The license types depend on each producer, in my case I offer BASIC, STEMS, PRO and MIX but all of them are unlimited licenses (something that nobody does), being the most expensive the one that offers you more rights of use. My best selling license is the Premium, because it offers the highest audio quality, the trackout of the beat by tracks and monetize. But the one with which you will always earn the most money is the PRO license and it is the one I recommend if you are really betting on the future of your project.
I recently added a new license that has been very well received (The MIX license), it includes professional mixing and mastering of your song for a minimal investment. Many of my regular clients are getting their songs to sound perfect thanks to this license.
When you buy an exclusive license, there is no restriction of rights of use, and you can use the beat in different projects, exploiting the beat to the maximum. You will not be the only buyer of that beat, because for that you have to buy an exclusive beat, which is not the same as an exclusive license, but you will have many extra benefits.
There are more aspects to take into account, such as royalties, publications and copyrights, we will go deeper into this, as it is a very important part.
In recent years exclusive sales contracts have changed, adapting better to the industry standard. The two ways of selling exclusive rights are exclusive rights sales and exclusive property sales.
When selling exclusive rights the producer remains the original author of the music, he can still collect publishing and publishing rights from writers.
When selling exclusive ownership, the producer sells the beat, including all interests, authorship, royalties…etc. These deals are also known as work-for-hire, basically the artist retains actual ownership over the beat, and from that point on will be considered the legal author of the beat. I would never contemplate this last option because it does not seem ethical to me this type of contracts, that each artist is respected for his work and his name is in each publication should be something obligatory.
You can continue reading about beats licensing or listen to my music by clicking on the button below.
Part 2. Royalties and types of rights in online beats licensing.
It is not easy to understand everything that is behind the music industry, too many contracts, beats licensing and very different legal agreements, but I will explain as best I can this aspect and for that we will start by understanding two forms of royalties:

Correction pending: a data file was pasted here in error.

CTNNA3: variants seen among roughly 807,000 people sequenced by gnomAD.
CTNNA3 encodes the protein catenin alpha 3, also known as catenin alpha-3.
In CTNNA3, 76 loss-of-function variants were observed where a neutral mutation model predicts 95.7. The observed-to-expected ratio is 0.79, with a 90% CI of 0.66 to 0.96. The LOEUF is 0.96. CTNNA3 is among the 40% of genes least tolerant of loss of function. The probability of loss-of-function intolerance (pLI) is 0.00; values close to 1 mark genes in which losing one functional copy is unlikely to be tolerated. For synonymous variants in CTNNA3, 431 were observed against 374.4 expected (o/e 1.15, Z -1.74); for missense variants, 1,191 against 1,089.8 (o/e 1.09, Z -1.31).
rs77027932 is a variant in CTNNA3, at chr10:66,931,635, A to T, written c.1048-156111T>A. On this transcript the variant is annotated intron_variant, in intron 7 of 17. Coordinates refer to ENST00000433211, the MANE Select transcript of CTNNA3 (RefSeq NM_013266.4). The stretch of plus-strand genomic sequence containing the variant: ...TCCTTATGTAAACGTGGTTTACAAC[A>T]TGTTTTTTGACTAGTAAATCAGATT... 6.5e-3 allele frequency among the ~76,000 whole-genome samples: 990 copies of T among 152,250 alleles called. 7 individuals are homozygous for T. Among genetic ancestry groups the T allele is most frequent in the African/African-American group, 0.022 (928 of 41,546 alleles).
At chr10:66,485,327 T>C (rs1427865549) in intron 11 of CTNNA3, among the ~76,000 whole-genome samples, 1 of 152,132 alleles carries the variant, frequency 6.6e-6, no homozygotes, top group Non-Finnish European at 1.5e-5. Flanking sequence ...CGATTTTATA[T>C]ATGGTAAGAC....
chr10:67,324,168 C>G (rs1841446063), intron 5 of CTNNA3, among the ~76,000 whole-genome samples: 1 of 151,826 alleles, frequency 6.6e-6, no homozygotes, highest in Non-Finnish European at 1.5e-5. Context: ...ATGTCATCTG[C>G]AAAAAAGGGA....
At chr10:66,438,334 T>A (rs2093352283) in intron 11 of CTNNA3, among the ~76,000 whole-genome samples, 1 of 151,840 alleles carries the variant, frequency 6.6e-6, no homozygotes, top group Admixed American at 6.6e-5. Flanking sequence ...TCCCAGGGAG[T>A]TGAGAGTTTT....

1. Mechanical royalties, they are generated when music is distributed physically or digitally. Print sales, digital (Itunes) or streaming, e.g. Spotify.
2. Performance royalties, live performances, radio…etc.
Usually the artist keeps 100% of the mechanical royalties, whether exclusive or non-exclusive the license of beats he/she has acquired. Nowadays there are services like Cdbaby or Distrokid, which pay those royalties directly to the artist, if he is an independent artist. When the artist is on a label, those royalties are paid to the label and the label pays a percentage to the artist.
Sometimes, in exclusive beat licensing, the producer can ask for 1-10% in mechanical royalties, this is known as producer points or royalties. Years ago it was easier to sell instrumentals at quite high prices, but today there is a lot of competition between producers and depending on the artist, there are producers who prefer to sell the beat even below $1000 but requesting points in the mechanical royalties. It is a way to protect themselves because if the song is a hit, they know that they always have extra money, which after all for the artist is 1-10 % only if he gets enough profit.
In this scenario the price an artist pays for exclusive rights is considered an advance against mechanical royalties, which could be enforceable in the future. It is calculated on the net profit of the song, which means that all costs to create the song, including the exclusive price, can be deducted first before the producer gets his share.
1. The artist pays $1,000 for the exclusive beat.
2. $200 for studio time.
3. $200 for mixing and mastering.
Total = $1,400
4. One year passes and the song generates $5,000 in mechanical royalties.
5. Net profit is $5,000 – $1,400 = $3,600.
6. The producer’s share is 3% of $3,600 = $108.
For an independent artist, $5,000 is a lot of money to generate in royalties, but still, it is only $108 that the producer earns.
Royalties from composers
In copyright law, a producer is also considered a songwriter. Songwriter royalties apply to all persons who have been creatively involved in the song, producers, songwriters and sometimes even engineers.
In general, non-exclusive beat licenses are sold with a 50% publishing and writer’s share. This is non-negotiable, since the musical part is half of the song and the other half are the lyrics, that half has to be divided between the different artists who have written the lyrics.
Example in a non-exclusive license.
1. Producer 50%.
2. Writer 1 25%.
3. Writer 2 25%.
Example in an exclusive license.
1. Producer 30%.
2. Writer 1 35 %.
Performance royalties are collected and paid by performing rights organizations (PRO) such as ASCAP or BMI in the USA or Sgae in Spain. Each country has its own organization, check which one is yours. These royalties are divided into two parts, composer or writer’s share royalties, and publishing royalties.
The PROs collect these royalties and divide them into 2 groups.
For every $1 earned in performance royalties….
0.50 goes to composer royalties (this money is paid by the Pro directly to the artists) and the other 0.50 goes to publishing royalties (the PRO pays it directly to the publishing company or publishing manager). In beats licensing it usually comes at the end of the contract how the distribution is done.